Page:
October 9, 2003
Greg Costikyan posts a strong, unhappy reaction to newsgaming.com‘s Sept 12. I was glad to read zang.org’s balanced reaction to Greg’s post. (Mind you, Greg is someone who lives a block from Ground Zero in NYC, who saw the towers fall.)
Without getting into the politics (other than to say I find Sept 12 to be a useful, thought-provoking piece, and exciting new genre for games), I’m not sure why Greg and some of his commenters are so vitriolically opposed to calling Sept 12 a simulation. Greg writes, at the height of his vehemence,
But to call this a “simulation,” as the creators do, is fucking obscene. Simulation of what? Where’s the research? What systems are simulated?
Hmm. A common definition of a computer simulation is: “the technique of representing the real world by a computer program; a simulation should imitate the internal processes and not merely the results of the thing being simulated”
Perhaps they object to calling Sept 12 a simulation since, by its own admission and intent, it presents a biased, opinionated “toy world”. It’s not meant to be an objective model of the “real world”.
But this may not be the source of Greg’s reaction. Maybe he sees Sept 12 as simply too “toy”, too small to deserve to be called a simulation, since its underlying control logic may not be much more complex than, say, Missile Command.
But, assuming the implementation is in some bottom-up rule-based way, that theoretically would allow for emergent behavior, it’s a simulation. But what is it simulating? Its own internal world logic. By this definition, a simulation doesn’t have to model “real world” logic, just be consistent within its own world. It’s simulating the logic of a non-purely-realistic worldview.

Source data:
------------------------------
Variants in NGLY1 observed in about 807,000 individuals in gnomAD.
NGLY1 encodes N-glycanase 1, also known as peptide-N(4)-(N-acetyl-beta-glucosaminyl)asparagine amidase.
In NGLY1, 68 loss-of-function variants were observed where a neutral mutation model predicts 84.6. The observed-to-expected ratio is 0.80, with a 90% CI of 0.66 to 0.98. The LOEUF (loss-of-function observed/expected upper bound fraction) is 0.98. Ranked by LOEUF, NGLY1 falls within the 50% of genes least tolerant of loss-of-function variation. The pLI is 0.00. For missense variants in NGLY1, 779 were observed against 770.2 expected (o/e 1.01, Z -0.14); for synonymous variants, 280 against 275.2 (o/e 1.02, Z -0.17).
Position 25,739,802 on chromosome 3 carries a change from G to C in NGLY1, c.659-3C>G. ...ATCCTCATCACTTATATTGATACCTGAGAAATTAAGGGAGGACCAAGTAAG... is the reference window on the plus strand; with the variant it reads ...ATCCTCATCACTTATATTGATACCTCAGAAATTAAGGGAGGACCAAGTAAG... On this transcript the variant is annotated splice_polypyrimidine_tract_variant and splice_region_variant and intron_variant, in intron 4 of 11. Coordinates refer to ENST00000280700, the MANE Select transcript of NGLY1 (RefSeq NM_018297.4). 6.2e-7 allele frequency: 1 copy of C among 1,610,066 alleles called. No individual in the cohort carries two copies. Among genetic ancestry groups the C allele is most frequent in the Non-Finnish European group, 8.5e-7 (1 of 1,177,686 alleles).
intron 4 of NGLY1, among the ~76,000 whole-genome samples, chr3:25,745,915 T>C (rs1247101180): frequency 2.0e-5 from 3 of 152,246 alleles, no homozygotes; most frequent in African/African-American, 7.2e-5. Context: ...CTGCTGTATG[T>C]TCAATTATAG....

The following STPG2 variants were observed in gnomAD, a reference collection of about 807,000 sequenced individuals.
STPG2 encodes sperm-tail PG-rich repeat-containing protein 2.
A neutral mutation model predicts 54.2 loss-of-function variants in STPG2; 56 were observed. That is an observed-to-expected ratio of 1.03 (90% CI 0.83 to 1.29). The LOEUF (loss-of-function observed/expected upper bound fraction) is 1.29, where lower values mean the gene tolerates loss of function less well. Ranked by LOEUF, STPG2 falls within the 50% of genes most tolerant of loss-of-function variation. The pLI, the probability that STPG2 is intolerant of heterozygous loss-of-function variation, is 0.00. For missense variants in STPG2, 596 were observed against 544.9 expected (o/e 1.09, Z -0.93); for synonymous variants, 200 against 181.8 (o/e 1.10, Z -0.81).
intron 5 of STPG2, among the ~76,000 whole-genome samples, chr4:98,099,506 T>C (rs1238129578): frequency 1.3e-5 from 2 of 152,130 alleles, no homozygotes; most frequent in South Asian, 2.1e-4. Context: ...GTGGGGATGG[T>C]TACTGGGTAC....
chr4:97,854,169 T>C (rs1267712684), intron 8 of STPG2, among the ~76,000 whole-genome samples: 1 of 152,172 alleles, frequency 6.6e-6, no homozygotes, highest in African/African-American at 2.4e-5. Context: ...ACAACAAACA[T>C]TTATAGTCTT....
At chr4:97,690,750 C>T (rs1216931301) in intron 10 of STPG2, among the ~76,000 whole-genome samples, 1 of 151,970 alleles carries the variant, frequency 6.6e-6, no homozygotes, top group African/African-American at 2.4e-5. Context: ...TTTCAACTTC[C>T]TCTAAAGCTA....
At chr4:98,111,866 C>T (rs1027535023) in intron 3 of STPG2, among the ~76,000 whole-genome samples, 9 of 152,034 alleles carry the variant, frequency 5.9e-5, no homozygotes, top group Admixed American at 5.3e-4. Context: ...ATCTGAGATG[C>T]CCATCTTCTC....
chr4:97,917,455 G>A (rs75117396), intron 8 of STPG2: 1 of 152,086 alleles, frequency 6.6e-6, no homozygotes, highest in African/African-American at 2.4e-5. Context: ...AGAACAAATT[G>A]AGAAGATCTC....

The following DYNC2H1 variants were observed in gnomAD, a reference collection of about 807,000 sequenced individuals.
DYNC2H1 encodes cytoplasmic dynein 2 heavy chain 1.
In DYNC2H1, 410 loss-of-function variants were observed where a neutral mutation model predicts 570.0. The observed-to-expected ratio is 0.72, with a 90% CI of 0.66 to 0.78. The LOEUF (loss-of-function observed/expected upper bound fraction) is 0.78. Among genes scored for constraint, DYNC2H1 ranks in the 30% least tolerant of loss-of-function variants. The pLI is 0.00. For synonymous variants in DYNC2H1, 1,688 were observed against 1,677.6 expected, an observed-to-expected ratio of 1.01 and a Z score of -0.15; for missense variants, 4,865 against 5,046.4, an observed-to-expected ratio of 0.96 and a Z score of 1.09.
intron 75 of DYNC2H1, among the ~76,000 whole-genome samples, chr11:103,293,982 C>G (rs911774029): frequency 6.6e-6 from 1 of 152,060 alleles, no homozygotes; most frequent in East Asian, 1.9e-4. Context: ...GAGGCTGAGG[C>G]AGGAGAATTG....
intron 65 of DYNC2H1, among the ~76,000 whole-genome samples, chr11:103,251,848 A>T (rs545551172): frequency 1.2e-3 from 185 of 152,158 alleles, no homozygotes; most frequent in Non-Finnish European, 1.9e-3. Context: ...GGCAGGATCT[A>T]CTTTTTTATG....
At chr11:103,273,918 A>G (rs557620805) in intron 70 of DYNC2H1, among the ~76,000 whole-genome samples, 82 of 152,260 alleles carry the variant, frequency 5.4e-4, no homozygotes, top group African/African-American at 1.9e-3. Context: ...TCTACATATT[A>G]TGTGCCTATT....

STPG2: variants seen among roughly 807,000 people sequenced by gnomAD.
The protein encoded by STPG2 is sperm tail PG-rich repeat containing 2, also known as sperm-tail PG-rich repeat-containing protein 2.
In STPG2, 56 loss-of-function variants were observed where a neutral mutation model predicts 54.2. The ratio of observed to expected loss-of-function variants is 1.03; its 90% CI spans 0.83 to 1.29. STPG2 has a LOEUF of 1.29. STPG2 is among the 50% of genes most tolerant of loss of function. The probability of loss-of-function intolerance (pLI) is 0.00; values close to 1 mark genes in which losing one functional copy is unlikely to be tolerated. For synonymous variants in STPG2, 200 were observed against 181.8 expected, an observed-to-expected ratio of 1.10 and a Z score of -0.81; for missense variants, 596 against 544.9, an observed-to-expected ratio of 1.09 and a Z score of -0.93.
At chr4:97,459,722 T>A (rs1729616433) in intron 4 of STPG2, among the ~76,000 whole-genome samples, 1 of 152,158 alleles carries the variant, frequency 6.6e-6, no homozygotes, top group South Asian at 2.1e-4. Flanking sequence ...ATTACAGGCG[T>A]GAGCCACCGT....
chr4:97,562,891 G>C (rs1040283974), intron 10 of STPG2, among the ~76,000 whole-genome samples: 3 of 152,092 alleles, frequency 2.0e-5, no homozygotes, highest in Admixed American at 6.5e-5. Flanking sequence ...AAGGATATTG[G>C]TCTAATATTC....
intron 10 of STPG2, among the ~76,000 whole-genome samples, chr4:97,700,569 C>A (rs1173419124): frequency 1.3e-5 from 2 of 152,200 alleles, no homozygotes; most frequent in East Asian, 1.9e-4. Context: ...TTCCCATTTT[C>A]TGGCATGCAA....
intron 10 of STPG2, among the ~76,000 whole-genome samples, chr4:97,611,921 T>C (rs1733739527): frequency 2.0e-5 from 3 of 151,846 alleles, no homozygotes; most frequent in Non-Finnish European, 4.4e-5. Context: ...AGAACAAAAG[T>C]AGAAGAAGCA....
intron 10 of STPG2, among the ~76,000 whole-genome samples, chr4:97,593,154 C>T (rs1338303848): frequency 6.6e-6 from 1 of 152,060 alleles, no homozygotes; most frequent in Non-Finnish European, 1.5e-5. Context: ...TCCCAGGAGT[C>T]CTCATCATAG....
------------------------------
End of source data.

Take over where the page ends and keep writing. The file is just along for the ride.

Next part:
If Sept 12 weren’t implemented in a bottom-up rule-like way — if it were in fact re-creating the results of the implied internal processes in some far less flexible hard-coded-like way, not generating them from rules — it would be an emulation, not a simulation. For example, if they created gazillions of quicktime videoclips that covered all the possible permutations of when you could shoot a missile, all the patterns of buildings you can destroy, etc., and played back the correct videoclip in response to the player’s actions, that would be an extreme case of an emulation. (I’m sure my friend Adam Frank would like to me point out, if an emulation is good enough, it is indistingushable to the player from a simulation.)
By this definition of simulation, a lot of videogames not called simulations could technically be simulations: Pong, Missile Command, Defender, Pac-man, Quake, Sept 12. Or, if they’re not actually currently implemented as simulations, they could be. But most games (if not all) probably have some emulated behavior mixed in with the simulated behavior, making them what one could call “impure” simulations.
This is a major difference between games and hypertext, by the way. Games often could be implemented as simulations, potentially allowing for emergent behavior; hypertext cannot (unless you adopt a more “exotic”, simulation-like approach). Interactive fiction (e.g., Inform) has simulation elements. Personally, I think the most interesting approaches are hybrid top-down / bottom-up approaches, like IF.
Update: Minutes after posting this (when I should have been getting back to work already), I found a new paper on Gamasutra, by the Interactive Insitute of Sweden’s Craig Lindley, “Game Taxonomies: A High Level Framework for Game Analysis and Design”. In the paper, among many things, he talks about games as / versus simulations.